I was in the office. Dane was talking to an administrator. The admin. said, "Most people would like to start summer vacation early." Dane replied that he didn't want to leave yet. The admin. didn't back down. Dane left the office only to return a second later.

The admin. had turned around. A couple of us in the office saw Dane return, and the admin. must have seen it in our eyes. She turned back around and then Dane left. For good. Or at least for the summer.

By the reactions of the various people in the office, I knew I was not alone in being glad that Dane had left campus.

Wednesday, June 15, 2011

Lucky Lockdown

"Teachers, lock your doors. We are on lockdown."

There were less than 15 minutes left in 4th period. The lockdown lasted through "lunch" and 5th period. And tomorrow is the last day of school.

I was so lucky!

Lockdowns don't happen all that frequently. Sure, I got caught in one last week, but today's puts me at three total this school year. They can be long, and the students get testy. The students whine. And complain. And there's nothing I can do about it.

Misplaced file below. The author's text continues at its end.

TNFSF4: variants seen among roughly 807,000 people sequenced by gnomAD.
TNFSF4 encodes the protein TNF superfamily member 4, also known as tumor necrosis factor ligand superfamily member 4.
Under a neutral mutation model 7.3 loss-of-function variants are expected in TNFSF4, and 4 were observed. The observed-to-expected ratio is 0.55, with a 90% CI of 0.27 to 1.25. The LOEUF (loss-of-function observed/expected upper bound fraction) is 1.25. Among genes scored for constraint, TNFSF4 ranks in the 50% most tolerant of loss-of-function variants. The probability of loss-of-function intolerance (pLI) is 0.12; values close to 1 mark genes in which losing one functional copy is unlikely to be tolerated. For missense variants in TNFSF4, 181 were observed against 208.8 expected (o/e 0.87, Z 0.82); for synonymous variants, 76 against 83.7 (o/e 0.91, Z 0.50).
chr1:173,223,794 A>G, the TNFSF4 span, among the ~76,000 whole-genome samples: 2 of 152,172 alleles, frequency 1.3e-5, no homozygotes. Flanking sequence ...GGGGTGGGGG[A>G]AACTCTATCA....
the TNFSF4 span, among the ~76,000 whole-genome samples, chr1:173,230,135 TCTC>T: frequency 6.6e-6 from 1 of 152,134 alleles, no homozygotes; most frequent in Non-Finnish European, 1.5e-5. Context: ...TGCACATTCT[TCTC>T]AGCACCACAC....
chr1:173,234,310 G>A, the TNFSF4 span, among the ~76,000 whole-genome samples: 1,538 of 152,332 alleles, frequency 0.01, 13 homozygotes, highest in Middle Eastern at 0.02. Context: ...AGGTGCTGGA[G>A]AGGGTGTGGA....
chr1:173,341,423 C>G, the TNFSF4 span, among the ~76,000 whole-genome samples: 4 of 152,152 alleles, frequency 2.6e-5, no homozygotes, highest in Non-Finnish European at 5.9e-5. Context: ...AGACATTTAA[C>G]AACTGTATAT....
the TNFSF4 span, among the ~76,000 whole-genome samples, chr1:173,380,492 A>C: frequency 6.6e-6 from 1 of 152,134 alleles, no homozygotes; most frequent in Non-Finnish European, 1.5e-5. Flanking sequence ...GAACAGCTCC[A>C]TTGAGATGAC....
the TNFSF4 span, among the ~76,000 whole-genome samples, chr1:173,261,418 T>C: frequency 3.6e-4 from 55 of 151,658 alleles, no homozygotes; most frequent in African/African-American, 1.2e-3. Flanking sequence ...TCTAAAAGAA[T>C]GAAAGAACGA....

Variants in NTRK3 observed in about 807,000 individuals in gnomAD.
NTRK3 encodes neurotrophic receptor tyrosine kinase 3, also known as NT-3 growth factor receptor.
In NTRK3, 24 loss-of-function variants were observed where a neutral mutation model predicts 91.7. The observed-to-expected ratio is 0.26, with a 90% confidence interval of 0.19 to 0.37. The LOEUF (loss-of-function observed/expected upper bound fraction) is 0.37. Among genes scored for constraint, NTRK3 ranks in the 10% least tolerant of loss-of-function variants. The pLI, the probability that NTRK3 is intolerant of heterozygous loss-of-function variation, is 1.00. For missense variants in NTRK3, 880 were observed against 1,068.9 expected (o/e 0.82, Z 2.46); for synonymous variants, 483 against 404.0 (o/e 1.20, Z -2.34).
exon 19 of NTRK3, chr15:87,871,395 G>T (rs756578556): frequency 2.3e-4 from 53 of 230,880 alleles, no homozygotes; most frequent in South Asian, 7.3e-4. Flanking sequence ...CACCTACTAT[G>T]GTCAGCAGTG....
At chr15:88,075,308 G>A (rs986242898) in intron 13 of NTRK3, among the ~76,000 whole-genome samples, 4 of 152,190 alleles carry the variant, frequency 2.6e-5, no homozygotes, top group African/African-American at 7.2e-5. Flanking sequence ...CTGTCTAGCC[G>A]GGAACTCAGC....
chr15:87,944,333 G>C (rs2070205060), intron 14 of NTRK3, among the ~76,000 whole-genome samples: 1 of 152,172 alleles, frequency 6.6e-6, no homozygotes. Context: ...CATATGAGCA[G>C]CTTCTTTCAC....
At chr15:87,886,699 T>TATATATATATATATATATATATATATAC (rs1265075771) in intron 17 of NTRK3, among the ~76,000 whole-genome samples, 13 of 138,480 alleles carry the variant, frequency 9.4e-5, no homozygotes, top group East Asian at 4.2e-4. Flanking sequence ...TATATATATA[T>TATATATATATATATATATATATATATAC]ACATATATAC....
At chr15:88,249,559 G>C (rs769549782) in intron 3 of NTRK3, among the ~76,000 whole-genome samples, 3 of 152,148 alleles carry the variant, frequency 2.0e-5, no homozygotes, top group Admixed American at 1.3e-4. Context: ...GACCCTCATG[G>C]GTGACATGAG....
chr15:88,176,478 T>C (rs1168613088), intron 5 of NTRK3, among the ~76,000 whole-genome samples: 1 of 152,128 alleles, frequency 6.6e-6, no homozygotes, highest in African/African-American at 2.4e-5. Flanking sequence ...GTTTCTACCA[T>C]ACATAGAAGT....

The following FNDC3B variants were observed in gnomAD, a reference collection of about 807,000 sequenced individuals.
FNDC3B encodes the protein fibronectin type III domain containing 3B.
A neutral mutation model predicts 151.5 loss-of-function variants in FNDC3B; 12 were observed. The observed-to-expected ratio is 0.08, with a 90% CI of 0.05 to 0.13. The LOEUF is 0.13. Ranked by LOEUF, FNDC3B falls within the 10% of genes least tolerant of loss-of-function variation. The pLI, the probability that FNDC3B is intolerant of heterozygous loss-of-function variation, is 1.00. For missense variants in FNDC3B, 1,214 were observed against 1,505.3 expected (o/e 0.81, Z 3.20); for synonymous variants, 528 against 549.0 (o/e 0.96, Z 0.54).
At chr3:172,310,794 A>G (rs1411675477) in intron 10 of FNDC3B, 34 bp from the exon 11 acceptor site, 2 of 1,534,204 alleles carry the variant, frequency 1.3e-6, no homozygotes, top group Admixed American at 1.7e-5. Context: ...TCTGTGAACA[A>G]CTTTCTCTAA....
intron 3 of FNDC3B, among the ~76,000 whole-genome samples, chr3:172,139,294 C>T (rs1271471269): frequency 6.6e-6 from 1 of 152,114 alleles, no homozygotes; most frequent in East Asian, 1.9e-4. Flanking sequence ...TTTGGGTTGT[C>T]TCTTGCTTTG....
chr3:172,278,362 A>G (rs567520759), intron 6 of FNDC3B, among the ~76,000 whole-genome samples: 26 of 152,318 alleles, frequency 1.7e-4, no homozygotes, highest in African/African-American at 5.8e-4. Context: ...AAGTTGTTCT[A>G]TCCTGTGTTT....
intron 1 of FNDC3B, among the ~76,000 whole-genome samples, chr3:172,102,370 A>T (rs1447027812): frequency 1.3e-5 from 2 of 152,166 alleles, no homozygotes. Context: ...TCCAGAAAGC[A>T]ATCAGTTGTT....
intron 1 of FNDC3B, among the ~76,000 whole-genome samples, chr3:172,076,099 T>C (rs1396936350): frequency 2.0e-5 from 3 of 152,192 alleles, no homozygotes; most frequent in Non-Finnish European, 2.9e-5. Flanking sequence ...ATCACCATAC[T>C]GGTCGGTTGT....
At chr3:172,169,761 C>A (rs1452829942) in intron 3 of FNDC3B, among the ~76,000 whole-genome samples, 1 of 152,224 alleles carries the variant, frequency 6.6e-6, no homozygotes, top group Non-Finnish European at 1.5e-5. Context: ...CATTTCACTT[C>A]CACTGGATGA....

But, 4th period was my prep today.

Yep, I got locked down in an empty classroom with a working computer.

I could hear the students next door. They were loud. One girl complained that she had to use the restroom. I heard students call the office to find out how much longer the lockdown was going to be (the office didn't know).

I heard a helicopter circling outside, so something was up. (Later I learned that the police were looking for a car thief.)

When the bell rang and the students were finally let free, a collective cheer went up at the school. We got a long break, and then we skipped 5th period and went into 6th.

Again, I lucked out. While 5th period wasn't terrible, 6th period was a dream. Four students. Who worked quietly. (I had this group last week, so I kind of knew what to expect.)

I'm covering this teacher again tomorrow. Did I mention that tomorrow is the last day of school?

Tuesday, June 14, 2011

Teenage Wishes Part 3

I used to have a MySpace account. I started my blog there. But after I had a few too many technical difficulties, I moved the blog here. I have since closed the MySpace account. I hate to lose all of my blogs from that time, so from time to time I repost them here.

This is part 3 of the series. (I believe there ended up being 10 total.) To refresh memories, here are links to part 1 and part 2. This originally appeared on February 26, 2007.

I'm back with more of that questionnaire. Today's question: "The time in history when I'd like to have lived, and why."

Some responses: